Antiepileptic Drugs in Development: Prospects for the Near Future

Research output: Contribution to journalArticle

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Abstract

Summary: Among some 14 new antiepileptic drugs (AEDs), those most extensively tested in humans include felbamate (FBM), gabapentin (GBP), lamotrigine (LTG), oxcarbazepine (OCBZ), vigabatrin (VGB), and zonisa‐mide (ZNS). All are currently marketed in some but not all countries. Although no large, comparative studies on efficacy have been conducted, all of these new AEDs are effective in adult localization‐related epilepsies, and some have activity in specific syndromes. Although these drugs all have some CNS side effects, especially when administered in combination with other AEDs, they also all have low toxicity profiles. The availability of AEDs with different mechanisms of action may facilitate rational polytherapy. FBM is not teratogenic in animals. Half‐life of FBM in humans is 11–28 h. Daily FBM dosages are 15–45 mg/kg in children and 2,400‐4,800 mg in adults. Side effects include insomnia and anorexia, with weight loss. FBM increases phenytoin (PHT) and valproate (VPA) concentrations, and FBM concentration may be affected by other drugs. It is available in the United States for treatment of Lennox‐Gastaut syndrome and partial seizures in adults. GBP is very water soluble. Half‐life of GBP in humans is 5–7 h and daily dosages range from 900 to 2,400 mg in adults. Few side effects have been observed. GBP is not metabolized by the liver and has no drug interactions. It is available in the United Kingdom and the United States. LTG has no teratogenicity in animal models. Half‐life of LTG in humans depends on co‐medication: with enzyme inducers it is 15–24 h, and with VPA it is approximately 60 h. LTG dosages are 100–600 mg/day in adults. LTG is available in Europe. OCBZ is rapidly metabolized to 10, 11‐dihydro‐10‐hydroxy‐carbazepine (MHD), the active compound. Animal studies have shown similar efficacy but superior toxicity to carbamazepine (CBZ) in animal models. For MHD, half‐life ranges from 10 to 15 h in patients. OGBZ dosages range from 300 to 1,800 mg/day. VGB is a potent, irreversible inhibitor of GABA transaminase which elevates GABA levels in the CNS. Daily dosages of 2,000–4,000 mg of VGB are needed in adults. Although intramyelinic edema has developed in rats and dogs, it has not yet presented in other mammals or humans. ZNS is a sulfonamide effective in animal models of epilepsy. Half‐life of ZNS is 27–36 h. ZNS daily dosage is 400–600 mg. ZNS has been effective in some cases of Baltic myoclonic epilepsy.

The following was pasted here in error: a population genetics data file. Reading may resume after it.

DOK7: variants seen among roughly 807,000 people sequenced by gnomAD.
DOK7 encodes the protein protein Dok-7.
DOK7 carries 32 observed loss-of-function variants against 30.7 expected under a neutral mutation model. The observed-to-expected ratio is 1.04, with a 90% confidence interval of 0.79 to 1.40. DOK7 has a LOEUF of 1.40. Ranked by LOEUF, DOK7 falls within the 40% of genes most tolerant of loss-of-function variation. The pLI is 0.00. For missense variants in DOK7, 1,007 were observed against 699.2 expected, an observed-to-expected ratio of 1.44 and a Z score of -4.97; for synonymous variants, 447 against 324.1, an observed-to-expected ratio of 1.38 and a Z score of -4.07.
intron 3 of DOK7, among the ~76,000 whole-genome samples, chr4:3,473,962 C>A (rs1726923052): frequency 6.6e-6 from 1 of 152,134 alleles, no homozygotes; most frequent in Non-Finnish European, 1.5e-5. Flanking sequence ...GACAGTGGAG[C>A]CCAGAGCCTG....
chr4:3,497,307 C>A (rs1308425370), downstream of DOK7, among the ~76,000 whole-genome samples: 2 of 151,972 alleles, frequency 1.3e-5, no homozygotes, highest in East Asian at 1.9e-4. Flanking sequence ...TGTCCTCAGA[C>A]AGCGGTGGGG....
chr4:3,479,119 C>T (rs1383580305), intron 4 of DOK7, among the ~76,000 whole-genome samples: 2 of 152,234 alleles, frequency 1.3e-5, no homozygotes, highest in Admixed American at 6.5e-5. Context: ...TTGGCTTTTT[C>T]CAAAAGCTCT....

Original languageEnglish (US)
Pages (from-to)S29-S40
JournalEpilepsia
Volume35
DOIs
StatePublished - Jan 1 1994

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felbamate
zonisamide
Anticonvulsants
Half-Life
Vigabatrin
Animal Models
Valproic Acid
Epilepsy
Unverricht-Lundborg Syndrome
4-Aminobutyrate Transaminase
Sulfonamides
Carbamazepine
Sleep Initiation and Maintenance Disorders
Phenytoin
Anorexia
Drug Interactions
Pharmaceutical Preparations
gamma-Aminobutyric Acid
Weight Loss
Mammals

Keywords

  • Anticonvulsants
  • Controlled clinical trials
  • Drug toxicity
  • Felbamate
  • Flunarizine